posted by ldthomps at 11:38 AM on October 19, 2011 [4 favorites]


Oh! And I just saw that your title is "broken". I empathize, per my comment above, and I hadn't even seen that. It's a horrible feeling. You're not broken. You're a good person who deserves to feel better, enjoy human relations, be intimate with another good person, and realize that they deserve all that happiness and healthiness.

Go advocate for that. Go find a professional that can help you get there. I read some books first to try to "fix" myself, and they may have helped a little, but not a ton. Therapists have years of training and can give us the one-on-one help based on our individual quirks. That made all the difference for me, and I think it could for you, too.
posted by ldthomps at 11:59 AM on October 19, 2011 [1 favorite]


• Can therapy work? What kind? How long? How did it help?

Yes, it can. it really worked for me. You do have to be willing to work at it, but it sounds like you have the first qualification: you've decided you're ready to change, and you've realized you don't have all the information or resources you'll need to effect the change yourself. For me, it helped because it gave me a neutral but totally supportive third party who was knowledgeable about patterns in human relationships, the kinds of causes that result in difficulty with relationships, and ways of locating and defusing the power of those long-ago causes. Once those processes were under way, I grew at a pretty fast rate and was able to achieve a much happier self-concept and much greater confidence pursuing the relationships I wanted.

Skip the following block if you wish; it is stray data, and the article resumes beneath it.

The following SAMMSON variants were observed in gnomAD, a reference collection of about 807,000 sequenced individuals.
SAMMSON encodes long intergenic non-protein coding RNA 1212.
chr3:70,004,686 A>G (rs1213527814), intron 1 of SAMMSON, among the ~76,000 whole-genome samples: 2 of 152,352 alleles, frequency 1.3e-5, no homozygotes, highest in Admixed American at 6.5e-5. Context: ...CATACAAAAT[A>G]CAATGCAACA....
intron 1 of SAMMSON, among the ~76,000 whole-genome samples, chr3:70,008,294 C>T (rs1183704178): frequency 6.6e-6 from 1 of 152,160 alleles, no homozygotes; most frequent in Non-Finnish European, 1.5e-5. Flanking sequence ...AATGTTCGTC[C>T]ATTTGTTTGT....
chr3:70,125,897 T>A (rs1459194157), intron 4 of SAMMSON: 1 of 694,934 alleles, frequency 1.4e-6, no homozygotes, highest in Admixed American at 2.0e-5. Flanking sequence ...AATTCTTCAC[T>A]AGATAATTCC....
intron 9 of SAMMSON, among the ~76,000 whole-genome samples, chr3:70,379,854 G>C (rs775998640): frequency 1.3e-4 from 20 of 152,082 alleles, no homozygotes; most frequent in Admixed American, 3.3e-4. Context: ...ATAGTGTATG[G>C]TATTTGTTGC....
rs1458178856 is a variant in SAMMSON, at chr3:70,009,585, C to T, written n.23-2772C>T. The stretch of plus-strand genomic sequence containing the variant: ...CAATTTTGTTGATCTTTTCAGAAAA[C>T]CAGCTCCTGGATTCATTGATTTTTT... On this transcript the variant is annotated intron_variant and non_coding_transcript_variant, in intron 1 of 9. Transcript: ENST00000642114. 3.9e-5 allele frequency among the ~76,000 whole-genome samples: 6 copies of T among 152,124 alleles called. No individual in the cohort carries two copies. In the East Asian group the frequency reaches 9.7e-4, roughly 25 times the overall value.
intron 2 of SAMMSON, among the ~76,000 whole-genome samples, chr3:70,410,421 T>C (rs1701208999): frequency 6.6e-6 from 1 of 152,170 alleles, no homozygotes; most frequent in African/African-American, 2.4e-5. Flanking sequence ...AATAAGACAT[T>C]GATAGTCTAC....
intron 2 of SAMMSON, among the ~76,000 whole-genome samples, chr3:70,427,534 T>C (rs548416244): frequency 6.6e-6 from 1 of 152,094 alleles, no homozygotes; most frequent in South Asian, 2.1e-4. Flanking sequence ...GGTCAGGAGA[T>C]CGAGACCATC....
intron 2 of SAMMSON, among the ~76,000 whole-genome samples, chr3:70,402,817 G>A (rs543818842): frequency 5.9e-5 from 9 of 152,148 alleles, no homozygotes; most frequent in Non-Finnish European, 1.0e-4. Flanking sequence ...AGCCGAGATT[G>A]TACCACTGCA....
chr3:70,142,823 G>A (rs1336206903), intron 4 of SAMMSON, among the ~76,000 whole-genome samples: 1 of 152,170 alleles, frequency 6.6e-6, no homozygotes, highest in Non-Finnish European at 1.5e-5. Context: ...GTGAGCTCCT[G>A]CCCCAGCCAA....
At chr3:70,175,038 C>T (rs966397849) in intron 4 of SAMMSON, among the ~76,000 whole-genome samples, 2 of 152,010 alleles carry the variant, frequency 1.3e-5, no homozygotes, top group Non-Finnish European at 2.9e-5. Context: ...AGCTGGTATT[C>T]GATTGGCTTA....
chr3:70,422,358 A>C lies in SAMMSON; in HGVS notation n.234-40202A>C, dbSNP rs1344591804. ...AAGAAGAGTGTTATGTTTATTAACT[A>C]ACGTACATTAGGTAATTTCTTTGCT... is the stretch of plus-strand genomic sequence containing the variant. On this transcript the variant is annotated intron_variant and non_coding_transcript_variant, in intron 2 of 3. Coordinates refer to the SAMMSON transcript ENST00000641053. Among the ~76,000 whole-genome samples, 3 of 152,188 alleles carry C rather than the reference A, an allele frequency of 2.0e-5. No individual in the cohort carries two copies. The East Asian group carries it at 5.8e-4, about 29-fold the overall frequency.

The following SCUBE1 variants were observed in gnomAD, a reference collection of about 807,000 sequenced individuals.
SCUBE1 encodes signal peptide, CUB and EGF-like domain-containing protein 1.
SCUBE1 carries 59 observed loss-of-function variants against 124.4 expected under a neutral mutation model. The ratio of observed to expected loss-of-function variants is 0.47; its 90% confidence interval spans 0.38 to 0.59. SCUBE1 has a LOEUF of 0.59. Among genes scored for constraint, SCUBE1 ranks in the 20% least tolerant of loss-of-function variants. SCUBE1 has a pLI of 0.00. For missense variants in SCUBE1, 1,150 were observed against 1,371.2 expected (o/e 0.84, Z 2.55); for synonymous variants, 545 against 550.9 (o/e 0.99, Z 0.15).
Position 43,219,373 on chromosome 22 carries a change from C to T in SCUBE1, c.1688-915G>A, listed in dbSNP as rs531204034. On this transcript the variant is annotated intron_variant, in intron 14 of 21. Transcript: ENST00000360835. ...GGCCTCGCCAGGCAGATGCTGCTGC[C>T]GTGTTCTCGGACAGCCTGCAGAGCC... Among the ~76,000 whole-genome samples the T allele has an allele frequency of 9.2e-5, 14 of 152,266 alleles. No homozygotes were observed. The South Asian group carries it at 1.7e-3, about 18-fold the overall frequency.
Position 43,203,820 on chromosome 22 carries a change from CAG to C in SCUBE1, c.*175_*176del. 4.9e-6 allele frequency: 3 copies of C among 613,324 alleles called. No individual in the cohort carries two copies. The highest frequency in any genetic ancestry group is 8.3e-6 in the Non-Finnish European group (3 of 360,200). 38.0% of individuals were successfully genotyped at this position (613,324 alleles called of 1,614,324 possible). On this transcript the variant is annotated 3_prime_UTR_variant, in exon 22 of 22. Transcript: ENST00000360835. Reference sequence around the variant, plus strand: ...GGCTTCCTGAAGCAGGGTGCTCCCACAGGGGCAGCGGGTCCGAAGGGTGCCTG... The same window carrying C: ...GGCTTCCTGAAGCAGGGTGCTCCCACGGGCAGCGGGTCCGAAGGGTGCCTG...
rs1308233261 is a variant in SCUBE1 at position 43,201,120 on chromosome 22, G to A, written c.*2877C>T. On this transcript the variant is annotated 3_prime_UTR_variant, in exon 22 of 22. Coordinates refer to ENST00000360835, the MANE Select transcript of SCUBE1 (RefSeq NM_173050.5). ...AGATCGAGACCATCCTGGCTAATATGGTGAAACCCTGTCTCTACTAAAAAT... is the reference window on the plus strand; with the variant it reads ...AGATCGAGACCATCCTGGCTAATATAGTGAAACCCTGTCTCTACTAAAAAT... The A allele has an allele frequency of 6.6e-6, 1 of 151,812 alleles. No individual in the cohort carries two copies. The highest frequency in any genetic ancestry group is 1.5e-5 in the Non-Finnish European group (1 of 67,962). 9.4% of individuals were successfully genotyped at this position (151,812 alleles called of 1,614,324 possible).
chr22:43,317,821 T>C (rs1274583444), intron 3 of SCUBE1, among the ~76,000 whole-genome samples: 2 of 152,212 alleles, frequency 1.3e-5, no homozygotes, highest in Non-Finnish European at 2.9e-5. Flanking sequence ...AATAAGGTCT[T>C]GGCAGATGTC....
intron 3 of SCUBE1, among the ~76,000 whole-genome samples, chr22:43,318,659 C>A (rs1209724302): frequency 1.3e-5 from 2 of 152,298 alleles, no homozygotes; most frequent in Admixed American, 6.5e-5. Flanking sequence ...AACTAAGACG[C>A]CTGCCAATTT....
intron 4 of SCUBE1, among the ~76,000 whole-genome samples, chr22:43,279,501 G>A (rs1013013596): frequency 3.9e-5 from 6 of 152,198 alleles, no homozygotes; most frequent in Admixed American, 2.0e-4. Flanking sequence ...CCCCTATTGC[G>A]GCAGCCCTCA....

I won't even answer all your other questions, because those are great ones to write down and bring with you to the therapist's office. I think you'll find your concerns are more normal and common than you realize, and that you actually can make positive change in your life - and pretty fast, too.

Good luck!
posted by Miko at 12:54 PM on October 19, 2011 [3 favorites]


I really go between cycles of not being interested in people/wanting to seek people out. I'm a bit concerned that this could be a flaw and none of these things would work. (I'm guessing there is no treatment for this).

I do this, too, especially with respect to dating, and even more especially where seeking people out for dating is concerned. There are months-long stretches where I have little to no interest in dating, particularly where meeting new people is concerned. I've even have occasional phases where I don't really make an effort to see my friends -- I'll see them incidentally at parties or hang out if they get in touch with me, but I don't put out the effort for one-to-one or small group time. I generally chalk it up to a combination of stress and introversion. When I'm feeling taxed, I just don't have the energy to push myself to connect with people. But this is something that you could explore with a therapist, particularly if you feel like it's an extreme cycle, or just something you want to explore changing.

Is there a type of social training that is appropriate? How to interact (I'm on the extreme end of shyness/introversion -- it has always dictated my entire life). I can read a flirting guide, but it does not help me feel comfortable to actually do any of it.